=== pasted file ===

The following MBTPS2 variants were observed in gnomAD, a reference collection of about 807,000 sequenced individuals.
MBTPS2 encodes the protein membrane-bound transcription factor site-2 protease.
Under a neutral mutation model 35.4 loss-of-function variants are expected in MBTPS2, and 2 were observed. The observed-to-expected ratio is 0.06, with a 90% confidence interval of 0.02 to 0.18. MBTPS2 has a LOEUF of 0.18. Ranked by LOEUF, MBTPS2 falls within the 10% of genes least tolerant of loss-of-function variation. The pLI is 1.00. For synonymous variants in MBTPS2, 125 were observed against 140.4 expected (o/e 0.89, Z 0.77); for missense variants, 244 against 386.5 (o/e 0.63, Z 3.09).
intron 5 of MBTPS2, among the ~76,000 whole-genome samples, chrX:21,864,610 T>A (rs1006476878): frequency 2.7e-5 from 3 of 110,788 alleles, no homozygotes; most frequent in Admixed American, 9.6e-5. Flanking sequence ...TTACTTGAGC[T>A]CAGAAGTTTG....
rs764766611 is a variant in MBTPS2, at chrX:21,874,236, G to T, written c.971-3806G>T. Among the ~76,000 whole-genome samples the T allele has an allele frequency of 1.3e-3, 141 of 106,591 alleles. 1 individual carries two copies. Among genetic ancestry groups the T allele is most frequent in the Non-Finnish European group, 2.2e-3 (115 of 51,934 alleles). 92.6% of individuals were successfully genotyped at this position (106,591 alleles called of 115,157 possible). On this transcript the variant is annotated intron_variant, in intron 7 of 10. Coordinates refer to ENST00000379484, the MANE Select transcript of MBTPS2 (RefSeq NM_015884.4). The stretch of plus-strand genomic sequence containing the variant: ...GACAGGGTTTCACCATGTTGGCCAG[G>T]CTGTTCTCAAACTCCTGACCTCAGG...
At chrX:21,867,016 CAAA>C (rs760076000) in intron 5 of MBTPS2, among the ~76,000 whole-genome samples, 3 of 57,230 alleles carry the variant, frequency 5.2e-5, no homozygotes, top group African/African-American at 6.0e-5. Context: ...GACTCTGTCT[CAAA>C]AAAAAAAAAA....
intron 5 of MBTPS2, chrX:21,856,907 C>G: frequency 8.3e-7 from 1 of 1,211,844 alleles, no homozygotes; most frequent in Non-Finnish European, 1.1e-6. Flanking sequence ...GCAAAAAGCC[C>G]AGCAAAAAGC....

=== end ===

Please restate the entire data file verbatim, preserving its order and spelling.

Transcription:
The following MBTPS2 variants were observed in gnomAD, a reference collection of about 807,000 sequenced individuals.
MBTPS2 encodes the protein membrane-bound transcription factor site-2 protease.
Under a neutral mutation model 35.4 loss-of-function variants are expected in MBTPS2, and 2 were observed. The observed-to-expected ratio is 0.06, with a 90% confidence interval of 0.02 to 0.18. MBTPS2 has a LOEUF of 0.18. Ranked by LOEUF, MBTPS2 falls within the 10% of genes least tolerant of loss-of-function variation. The pLI is 1.00. For synonymous variants in MBTPS2, 125 were observed against 140.4 expected (o/e 0.89, Z 0.77); for missense variants, 244 against 386.5 (o/e 0.63, Z 3.09).
intron 5 of MBTPS2, among the ~76,000 whole-genome samples, chrX:21,864,610 T>A (rs1006476878): frequency 2.7e-5 from 3 of 110,788 alleles, no homozygotes; most frequent in Admixed American, 9.6e-5. Flanking sequence ...TTACTTGAGC[T>A]CAGAAGTTTG....
rs764766611 is a variant in MBTPS2, at chrX:21,874,236, G to T, written c.971-3806G>T. Among the ~76,000 whole-genome samples the T allele has an allele frequency of 1.3e-3, 141 of 106,591 alleles. 1 individual carries two copies. Among genetic ancestry groups the T allele is most frequent in the Non-Finnish European group, 2.2e-3 (115 of 51,934 alleles). 92.6% of individuals were successfully genotyped at this position (106,591 alleles called of 115,157 possible). On this transcript the variant is annotated intron_variant, in intron 7 of 10. Coordinates refer to ENST00000379484, the MANE Select transcript of MBTPS2 (RefSeq NM_015884.4). The stretch of plus-strand genomic sequence containing the variant: ...GACAGGGTTTCACCATGTTGGCCAG[G>T]CTGTTCTCAAACTCCTGACCTCAGG...
At chrX:21,867,016 CAAA>C (rs760076000) in intron 5 of MBTPS2, among the ~76,000 whole-genome samples, 3 of 57,230 alleles carry the variant, frequency 5.2e-5, no homozygotes, top group African/African-American at 6.0e-5. Context: ...GACTCTGTCT[CAAA>C]AAAAAAAAAA....
intron 5 of MBTPS2, chrX:21,856,907 C>G: frequency 8.3e-7 from 1 of 1,211,844 alleles, no homozygotes; most frequent in Non-Finnish European, 1.1e-6. Flanking sequence ...GCAAAAAGCC[C>G]AGCAAAAAGC....